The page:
About Haas Automation

Haas F1 Race Report:
Hungarian Grand Prix | 7/30/2017

by Ayao Komatsu|Chief Race Engineer, Haas F1 Team


Overview

“This was one of the most difficult weekends we’ve had so far this season. We had two crashes on Friday and suffered from general lack of grip all weekend. We struggled especially on supersoft tires and qualified P15 and P16. In the race, Romain Grosjean had two incidents in the first two corners – each of which were clearly not his fault – and retired with a loose wheel after a pit stop. Kevin Magnussen drove a good race with a difficult handling car. He had a good battle against Nico Hulkenberg (Renault), but got penalized for his defensive action in the end. He finished the race in P11, which was a very good effort considering the lack of competitiveness we suffered this weekend. However, his final classification was P13 after a five-second time penalty was applied. (Undeservedly, in our opinion)."

“Fundamentally, we were just not competitive in Hungary. We did come back reasonably well from a disastrous Friday to a more respectable Sunday, but we need to start the weekend better. We are still P7 in the championship going into the summer break, but we need to raise our game in the second half of the season as Renault has picked up pace in the last couple of races and McLaren was also strong in Hungary. Toro Rosso has opened up the gap on us to 10 points but, at the same time, Williams is only 12 points away. So, the competition will be tight from P5 to P9. We will do everything we can to finish toward the front of this competition.”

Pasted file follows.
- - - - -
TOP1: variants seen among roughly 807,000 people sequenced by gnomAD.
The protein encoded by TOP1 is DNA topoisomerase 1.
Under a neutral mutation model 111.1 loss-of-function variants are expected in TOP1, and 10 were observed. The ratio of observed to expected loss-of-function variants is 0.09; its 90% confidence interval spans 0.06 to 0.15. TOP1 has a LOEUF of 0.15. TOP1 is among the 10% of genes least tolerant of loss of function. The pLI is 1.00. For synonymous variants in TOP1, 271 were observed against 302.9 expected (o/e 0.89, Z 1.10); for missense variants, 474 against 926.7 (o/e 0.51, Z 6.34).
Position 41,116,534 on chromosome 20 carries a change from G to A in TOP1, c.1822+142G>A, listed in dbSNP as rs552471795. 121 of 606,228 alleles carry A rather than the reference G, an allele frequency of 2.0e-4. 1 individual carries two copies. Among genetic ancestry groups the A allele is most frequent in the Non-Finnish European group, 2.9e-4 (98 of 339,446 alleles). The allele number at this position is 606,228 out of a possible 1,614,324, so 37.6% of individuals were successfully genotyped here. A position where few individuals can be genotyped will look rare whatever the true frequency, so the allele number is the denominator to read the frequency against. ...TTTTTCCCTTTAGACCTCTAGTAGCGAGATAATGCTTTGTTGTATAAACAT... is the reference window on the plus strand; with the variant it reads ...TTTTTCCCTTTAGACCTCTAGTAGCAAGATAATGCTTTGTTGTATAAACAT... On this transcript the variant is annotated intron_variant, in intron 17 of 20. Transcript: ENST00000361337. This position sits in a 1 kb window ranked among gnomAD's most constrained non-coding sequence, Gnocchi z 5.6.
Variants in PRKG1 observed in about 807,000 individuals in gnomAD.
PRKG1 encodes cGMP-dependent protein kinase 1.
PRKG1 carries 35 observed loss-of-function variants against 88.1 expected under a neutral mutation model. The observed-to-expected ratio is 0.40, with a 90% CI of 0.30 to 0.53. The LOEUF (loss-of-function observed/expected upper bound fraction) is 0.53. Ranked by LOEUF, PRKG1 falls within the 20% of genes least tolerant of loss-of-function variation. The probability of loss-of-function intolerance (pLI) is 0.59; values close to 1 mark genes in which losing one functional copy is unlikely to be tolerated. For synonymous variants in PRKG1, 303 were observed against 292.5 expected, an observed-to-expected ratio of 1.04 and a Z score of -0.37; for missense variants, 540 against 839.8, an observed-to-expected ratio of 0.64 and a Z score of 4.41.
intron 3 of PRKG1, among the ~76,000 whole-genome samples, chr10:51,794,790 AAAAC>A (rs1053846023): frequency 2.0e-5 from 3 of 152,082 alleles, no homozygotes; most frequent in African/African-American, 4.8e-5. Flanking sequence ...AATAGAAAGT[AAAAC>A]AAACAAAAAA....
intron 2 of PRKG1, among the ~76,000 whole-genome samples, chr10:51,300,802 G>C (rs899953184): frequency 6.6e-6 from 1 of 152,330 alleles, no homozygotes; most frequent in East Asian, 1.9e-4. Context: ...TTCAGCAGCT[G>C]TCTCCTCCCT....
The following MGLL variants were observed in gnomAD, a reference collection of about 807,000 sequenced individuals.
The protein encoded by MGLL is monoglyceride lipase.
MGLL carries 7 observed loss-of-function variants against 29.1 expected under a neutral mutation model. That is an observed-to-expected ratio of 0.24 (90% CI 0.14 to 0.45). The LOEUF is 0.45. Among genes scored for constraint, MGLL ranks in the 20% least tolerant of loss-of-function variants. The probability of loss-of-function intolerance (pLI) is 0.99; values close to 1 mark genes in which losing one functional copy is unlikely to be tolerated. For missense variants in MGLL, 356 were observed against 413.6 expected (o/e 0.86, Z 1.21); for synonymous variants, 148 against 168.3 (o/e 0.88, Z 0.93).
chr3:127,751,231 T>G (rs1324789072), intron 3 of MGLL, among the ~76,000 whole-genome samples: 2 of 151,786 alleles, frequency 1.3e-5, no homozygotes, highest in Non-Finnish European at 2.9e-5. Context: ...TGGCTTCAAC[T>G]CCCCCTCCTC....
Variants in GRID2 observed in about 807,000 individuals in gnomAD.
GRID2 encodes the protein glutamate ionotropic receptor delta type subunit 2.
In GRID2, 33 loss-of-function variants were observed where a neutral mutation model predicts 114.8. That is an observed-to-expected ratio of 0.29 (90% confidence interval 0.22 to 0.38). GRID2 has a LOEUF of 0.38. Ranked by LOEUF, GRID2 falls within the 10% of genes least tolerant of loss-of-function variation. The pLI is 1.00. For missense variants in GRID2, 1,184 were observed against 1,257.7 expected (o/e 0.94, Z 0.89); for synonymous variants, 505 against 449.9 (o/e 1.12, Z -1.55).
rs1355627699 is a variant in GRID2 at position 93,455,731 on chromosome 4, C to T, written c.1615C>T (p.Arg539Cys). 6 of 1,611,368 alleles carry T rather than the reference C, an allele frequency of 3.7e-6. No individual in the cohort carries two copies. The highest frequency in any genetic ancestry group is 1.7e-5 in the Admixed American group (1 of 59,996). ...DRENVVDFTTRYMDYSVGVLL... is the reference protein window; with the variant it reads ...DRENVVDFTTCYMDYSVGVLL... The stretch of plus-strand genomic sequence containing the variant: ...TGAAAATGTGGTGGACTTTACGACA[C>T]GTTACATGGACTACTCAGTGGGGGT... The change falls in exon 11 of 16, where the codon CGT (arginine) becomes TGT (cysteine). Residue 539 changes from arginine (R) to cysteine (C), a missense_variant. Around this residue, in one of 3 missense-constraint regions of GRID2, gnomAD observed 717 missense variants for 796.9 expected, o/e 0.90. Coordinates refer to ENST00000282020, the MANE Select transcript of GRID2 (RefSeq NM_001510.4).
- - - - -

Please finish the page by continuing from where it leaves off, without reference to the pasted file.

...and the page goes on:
Friday: FP1 and FP2

“After an impressive outing in Silverstone FP1, Antonio Giovinazzi was in the car again for FP1 in Hungary. He started off well, gradually improving his lap time during his first baseline run with the soft tire. However, on his sixth timed lap he lost the car at turn 11 and crashed into the outside barrier. There was an extensive damage to the car and three corners had to be replaced. The session was red flagged for this accident.